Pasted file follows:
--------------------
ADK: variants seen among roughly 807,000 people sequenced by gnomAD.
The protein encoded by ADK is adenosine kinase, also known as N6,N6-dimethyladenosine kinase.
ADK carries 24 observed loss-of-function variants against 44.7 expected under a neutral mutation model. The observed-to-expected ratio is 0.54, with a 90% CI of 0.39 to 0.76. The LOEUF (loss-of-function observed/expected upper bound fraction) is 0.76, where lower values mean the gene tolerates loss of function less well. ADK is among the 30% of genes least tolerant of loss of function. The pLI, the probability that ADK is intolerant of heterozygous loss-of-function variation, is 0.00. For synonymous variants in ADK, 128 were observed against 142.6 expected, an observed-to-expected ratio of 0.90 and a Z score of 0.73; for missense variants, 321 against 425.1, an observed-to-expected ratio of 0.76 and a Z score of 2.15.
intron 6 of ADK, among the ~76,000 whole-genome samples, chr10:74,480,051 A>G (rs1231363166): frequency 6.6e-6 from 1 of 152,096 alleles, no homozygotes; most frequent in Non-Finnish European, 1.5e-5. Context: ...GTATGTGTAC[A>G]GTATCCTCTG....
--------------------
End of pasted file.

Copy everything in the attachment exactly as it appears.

ADK: variants seen among roughly 807,000 people sequenced by gnomAD.
The protein encoded by ADK is adenosine kinase, also known as N6,N6-dimethyladenosine kinase.
ADK carries 24 observed loss-of-function variants against 44.7 expected under a neutral mutation model. The observed-to-expected ratio is 0.54, with a 90% CI of 0.39 to 0.76. The LOEUF (loss-of-function observed/expected upper bound fraction) is 0.76, where lower values mean the gene tolerates loss of function less well. ADK is among the 30% of genes least tolerant of loss of function. The pLI, the probability that ADK is intolerant of heterozygous loss-of-function variation, is 0.00. For synonymous variants in ADK, 128 were observed against 142.6 expected, an observed-to-expected ratio of 0.90 and a Z score of 0.73; for missense variants, 321 against 425.1, an observed-to-expected ratio of 0.76 and a Z score of 2.15.
intron 6 of ADK, among the ~76,000 whole-genome samples, chr10:74,480,051 A>G (rs1231363166): frequency 6.6e-6 from 1 of 152,096 alleles, no homozygotes; most frequent in Non-Finnish European, 1.5e-5. Context: ...GTATGTGTAC[A>G]GTATCCTCTG....